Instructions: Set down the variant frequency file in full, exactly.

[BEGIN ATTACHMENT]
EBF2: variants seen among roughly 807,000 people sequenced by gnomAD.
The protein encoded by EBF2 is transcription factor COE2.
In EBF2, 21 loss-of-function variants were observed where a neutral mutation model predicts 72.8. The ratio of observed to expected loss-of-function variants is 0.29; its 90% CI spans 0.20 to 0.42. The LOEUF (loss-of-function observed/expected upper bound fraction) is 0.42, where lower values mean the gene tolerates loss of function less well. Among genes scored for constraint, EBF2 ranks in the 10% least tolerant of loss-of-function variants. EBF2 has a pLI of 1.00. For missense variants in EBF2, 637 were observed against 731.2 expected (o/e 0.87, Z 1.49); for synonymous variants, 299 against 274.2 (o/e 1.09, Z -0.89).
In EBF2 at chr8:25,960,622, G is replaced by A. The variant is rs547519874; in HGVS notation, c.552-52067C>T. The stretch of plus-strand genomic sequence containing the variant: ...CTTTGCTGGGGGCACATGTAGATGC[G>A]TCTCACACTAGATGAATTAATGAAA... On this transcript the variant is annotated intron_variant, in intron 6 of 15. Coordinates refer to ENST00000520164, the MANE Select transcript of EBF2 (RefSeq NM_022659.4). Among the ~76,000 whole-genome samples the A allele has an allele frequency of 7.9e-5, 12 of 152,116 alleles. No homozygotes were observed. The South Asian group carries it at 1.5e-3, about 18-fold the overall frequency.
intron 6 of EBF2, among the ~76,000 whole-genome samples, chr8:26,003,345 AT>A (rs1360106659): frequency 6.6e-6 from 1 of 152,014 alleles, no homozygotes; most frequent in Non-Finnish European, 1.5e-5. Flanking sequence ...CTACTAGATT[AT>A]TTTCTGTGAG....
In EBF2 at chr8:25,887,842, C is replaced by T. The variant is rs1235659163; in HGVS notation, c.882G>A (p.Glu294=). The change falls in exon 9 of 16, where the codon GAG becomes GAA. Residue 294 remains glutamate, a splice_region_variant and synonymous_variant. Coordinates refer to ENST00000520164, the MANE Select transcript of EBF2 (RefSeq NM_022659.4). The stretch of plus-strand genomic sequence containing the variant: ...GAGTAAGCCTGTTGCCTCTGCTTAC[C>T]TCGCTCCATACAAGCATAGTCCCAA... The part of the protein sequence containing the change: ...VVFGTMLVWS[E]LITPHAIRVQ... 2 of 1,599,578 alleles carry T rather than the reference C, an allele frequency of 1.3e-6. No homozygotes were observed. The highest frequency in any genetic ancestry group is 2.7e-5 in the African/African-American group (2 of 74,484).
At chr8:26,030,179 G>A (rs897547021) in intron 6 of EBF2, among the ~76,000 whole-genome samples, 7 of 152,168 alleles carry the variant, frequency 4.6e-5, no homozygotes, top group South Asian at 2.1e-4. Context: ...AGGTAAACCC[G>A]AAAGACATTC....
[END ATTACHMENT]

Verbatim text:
EBF2: variants seen among roughly 807,000 people sequenced by gnomAD.
The protein encoded by EBF2 is transcription factor COE2.
In EBF2, 21 loss-of-function variants were observed where a neutral mutation model predicts 72.8. The ratio of observed to expected loss-of-function variants is 0.29; its 90% CI spans 0.20 to 0.42. The LOEUF (loss-of-function observed/expected upper bound fraction) is 0.42, where lower values mean the gene tolerates loss of function less well. Among genes scored for constraint, EBF2 ranks in the 10% least tolerant of loss-of-function variants. EBF2 has a pLI of 1.00. For missense variants in EBF2, 637 were observed against 731.2 expected (o/e 0.87, Z 1.49); for synonymous variants, 299 against 274.2 (o/e 1.09, Z -0.89).
In EBF2 at chr8:25,960,622, G is replaced by A. The variant is rs547519874; in HGVS notation, c.552-52067C>T. The stretch of plus-strand genomic sequence containing the variant: ...CTTTGCTGGGGGCACATGTAGATGC[G>A]TCTCACACTAGATGAATTAATGAAA... On this transcript the variant is annotated intron_variant, in intron 6 of 15. Coordinates refer to ENST00000520164, the MANE Select transcript of EBF2 (RefSeq NM_022659.4). Among the ~76,000 whole-genome samples the A allele has an allele frequency of 7.9e-5, 12 of 152,116 alleles. No homozygotes were observed. The South Asian group carries it at 1.5e-3, about 18-fold the overall frequency.
intron 6 of EBF2, among the ~76,000 whole-genome samples, chr8:26,003,345 AT>A (rs1360106659): frequency 6.6e-6 from 1 of 152,014 alleles, no homozygotes; most frequent in Non-Finnish European, 1.5e-5. Flanking sequence ...CTACTAGATT[AT>A]TTTCTGTGAG....
In EBF2 at chr8:25,887,842, C is replaced by T. The variant is rs1235659163; in HGVS notation, c.882G>A (p.Glu294=). The change falls in exon 9 of 16, where the codon GAG becomes GAA. Residue 294 remains glutamate, a splice_region_variant and synonymous_variant. Coordinates refer to ENST00000520164, the MANE Select transcript of EBF2 (RefSeq NM_022659.4). The stretch of plus-strand genomic sequence containing the variant: ...GAGTAAGCCTGTTGCCTCTGCTTAC[C>T]TCGCTCCATACAAGCATAGTCCCAA... The part of the protein sequence containing the change: ...VVFGTMLVWS[E]LITPHAIRVQ... 2 of 1,599,578 alleles carry T rather than the reference C, an allele frequency of 1.3e-6. No homozygotes were observed. The highest frequency in any genetic ancestry group is 2.7e-5 in the African/African-American group (2 of 74,484).
At chr8:26,030,179 G>A (rs897547021) in intron 6 of EBF2, among the ~76,000 whole-genome samples, 7 of 152,168 alleles carry the variant, frequency 4.6e-5, no homozygotes, top group South Asian at 2.1e-4. Context: ...AGGTAAACCC[G>A]AAAGACATTC....